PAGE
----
The history of the National Gallery in Prague started on 5 February 1796 when a group of significant representatives of the patriotically oriented Czech nobility along with several middle‐class intellectuals from the ranks of Enlightenment movement decided to “elevate the deteriorated taste of the local public.” The corporation which received the title Society of Patriotic Friends of the Arts, then established two important institutions which Prague had, up until then, lacked: the Academy of Fine Arts and the publicly accessible Picture Gallery of the Society of Patriotic Friends of the Arts.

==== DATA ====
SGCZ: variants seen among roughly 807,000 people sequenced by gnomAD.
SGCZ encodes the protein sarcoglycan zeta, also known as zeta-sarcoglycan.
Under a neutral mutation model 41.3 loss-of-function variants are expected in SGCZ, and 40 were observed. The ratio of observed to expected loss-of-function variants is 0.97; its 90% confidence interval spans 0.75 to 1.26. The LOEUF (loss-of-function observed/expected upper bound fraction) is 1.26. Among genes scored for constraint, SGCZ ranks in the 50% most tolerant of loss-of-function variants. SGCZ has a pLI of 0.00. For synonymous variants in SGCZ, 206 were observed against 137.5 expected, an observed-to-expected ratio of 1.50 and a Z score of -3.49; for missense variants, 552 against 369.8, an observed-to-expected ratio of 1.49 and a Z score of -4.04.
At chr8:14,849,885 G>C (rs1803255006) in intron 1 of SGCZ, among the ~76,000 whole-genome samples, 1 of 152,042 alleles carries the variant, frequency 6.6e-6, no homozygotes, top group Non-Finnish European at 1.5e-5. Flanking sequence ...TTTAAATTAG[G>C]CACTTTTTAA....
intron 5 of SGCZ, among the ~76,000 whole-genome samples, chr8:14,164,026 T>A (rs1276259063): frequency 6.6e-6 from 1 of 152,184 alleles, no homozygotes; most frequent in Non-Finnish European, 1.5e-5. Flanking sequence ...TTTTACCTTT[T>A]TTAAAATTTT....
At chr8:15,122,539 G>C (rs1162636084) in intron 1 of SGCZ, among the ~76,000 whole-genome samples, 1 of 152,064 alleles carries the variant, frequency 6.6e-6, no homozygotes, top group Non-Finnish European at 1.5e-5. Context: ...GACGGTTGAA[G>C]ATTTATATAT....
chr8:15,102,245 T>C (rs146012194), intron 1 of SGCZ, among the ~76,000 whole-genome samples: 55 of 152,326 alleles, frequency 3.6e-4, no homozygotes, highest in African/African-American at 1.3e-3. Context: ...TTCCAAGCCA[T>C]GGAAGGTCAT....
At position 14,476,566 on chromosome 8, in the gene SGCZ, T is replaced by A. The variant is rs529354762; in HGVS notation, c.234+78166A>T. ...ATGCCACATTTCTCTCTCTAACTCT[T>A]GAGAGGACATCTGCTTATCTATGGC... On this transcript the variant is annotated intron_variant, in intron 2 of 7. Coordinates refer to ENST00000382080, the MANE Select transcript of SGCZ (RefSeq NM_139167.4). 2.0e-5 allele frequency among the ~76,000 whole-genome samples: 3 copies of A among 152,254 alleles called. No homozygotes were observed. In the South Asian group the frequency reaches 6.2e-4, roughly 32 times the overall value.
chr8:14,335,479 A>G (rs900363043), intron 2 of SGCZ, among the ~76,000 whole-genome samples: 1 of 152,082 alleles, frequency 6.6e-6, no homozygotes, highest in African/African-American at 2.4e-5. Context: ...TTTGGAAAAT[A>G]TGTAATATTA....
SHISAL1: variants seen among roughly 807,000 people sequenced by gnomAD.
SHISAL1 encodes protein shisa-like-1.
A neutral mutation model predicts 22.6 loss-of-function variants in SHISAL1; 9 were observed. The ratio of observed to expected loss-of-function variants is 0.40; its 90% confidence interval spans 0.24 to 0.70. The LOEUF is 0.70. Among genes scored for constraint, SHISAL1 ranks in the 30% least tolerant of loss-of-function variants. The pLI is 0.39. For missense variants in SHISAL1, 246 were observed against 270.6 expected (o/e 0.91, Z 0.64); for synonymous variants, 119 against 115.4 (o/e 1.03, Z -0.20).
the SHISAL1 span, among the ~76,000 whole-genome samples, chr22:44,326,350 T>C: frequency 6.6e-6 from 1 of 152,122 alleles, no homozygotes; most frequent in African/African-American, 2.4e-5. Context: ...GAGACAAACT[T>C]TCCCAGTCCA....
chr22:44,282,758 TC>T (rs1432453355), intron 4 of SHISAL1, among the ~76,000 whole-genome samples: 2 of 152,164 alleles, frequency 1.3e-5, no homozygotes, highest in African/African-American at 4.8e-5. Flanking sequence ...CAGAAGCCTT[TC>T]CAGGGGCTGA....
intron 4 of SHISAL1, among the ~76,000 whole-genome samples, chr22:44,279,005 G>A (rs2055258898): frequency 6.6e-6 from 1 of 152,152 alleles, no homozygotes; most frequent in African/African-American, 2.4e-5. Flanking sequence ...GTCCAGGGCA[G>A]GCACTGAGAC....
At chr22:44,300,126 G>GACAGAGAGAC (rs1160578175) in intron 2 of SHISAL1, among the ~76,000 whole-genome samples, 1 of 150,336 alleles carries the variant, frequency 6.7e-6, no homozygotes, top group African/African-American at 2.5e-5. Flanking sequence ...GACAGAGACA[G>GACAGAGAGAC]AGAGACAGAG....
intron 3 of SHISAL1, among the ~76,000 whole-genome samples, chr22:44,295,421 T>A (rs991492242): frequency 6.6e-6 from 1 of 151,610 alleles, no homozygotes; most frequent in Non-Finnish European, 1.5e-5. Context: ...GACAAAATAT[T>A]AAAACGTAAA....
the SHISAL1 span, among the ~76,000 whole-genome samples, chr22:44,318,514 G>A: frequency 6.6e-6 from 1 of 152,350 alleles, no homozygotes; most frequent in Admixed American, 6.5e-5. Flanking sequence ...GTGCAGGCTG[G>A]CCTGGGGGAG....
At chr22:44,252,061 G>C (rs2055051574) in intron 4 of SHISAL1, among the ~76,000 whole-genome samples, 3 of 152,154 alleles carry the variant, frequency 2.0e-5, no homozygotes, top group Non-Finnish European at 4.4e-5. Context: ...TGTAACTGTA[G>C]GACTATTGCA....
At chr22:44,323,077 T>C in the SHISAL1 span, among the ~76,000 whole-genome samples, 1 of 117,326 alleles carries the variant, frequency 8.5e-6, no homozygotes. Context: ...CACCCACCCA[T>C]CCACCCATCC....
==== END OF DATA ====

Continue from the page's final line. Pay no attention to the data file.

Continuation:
The original idea that has lasted since the establishment of the National Gallery has been present in all the complicated peripeties of the Gallery’s development: to elevate the nation’s spirit through works of art. This ideal is considered the mission of the National Gallery even today.
The St Agnes Convent was founded by the Premyslid Princess Anežka (Agnes), sister of King Václav I in 1231 as the first convent of the Order of Poor Clares north of the Alps. It was the first Gothic building in Prague. It was renovated in 1963 to meet the exhibition needs of the National Gallery.
National Gallery, U Milosrdných 17, 110 00 Prague, Czech Republic, Google Maps